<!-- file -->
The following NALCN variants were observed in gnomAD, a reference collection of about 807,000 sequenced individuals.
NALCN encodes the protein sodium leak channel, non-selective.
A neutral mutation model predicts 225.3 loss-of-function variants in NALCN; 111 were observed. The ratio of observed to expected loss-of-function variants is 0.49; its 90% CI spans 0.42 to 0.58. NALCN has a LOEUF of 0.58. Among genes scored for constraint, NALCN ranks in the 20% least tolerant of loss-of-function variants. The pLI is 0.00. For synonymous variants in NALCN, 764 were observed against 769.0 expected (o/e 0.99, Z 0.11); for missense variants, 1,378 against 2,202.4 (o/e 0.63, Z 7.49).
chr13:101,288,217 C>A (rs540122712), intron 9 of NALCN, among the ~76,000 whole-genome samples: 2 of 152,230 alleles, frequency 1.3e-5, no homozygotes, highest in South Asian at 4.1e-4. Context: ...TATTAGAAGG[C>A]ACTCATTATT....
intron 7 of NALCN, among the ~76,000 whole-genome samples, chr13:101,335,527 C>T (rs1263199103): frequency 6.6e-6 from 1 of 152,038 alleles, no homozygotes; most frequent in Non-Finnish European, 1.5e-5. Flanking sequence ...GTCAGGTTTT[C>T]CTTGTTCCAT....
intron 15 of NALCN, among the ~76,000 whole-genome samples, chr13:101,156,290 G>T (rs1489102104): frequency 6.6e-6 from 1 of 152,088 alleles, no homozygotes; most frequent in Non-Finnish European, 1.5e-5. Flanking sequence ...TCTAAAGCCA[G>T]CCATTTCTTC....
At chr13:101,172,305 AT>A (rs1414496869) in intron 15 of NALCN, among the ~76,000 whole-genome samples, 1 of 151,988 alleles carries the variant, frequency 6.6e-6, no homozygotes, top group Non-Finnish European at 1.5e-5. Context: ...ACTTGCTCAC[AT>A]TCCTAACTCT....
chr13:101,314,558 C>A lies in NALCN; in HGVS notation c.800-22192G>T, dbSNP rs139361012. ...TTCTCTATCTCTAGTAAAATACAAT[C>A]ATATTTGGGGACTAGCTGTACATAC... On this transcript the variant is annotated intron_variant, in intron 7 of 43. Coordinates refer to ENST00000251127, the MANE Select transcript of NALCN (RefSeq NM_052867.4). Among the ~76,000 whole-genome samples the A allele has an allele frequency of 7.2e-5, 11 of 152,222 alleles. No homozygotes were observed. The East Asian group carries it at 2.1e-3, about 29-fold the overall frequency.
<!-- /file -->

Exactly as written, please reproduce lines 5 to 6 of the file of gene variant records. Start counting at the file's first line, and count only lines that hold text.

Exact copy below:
intron 7 of NALCN, among the ~76,000 whole-genome samples, chr13:101,335,527 C>T (rs1263199103): frequency 6.6e-6 from 1 of 152,038 alleles, no homozygotes; most frequent in Non-Finnish European, 1.5e-5. Flanking sequence ...GTCAGGTTTT[C>T]CTTGTTCCAT....
intron 15 of NALCN, among the ~76,000 whole-genome samples, chr13:101,156,290 G>T (rs1489102104): frequency 6.6e-6 from 1 of 152,088 alleles, no homozygotes; most frequent in Non-Finnish European, 1.5e-5. Flanking sequence ...TCTAAAGCCA[G>T]CCATTTCTTC....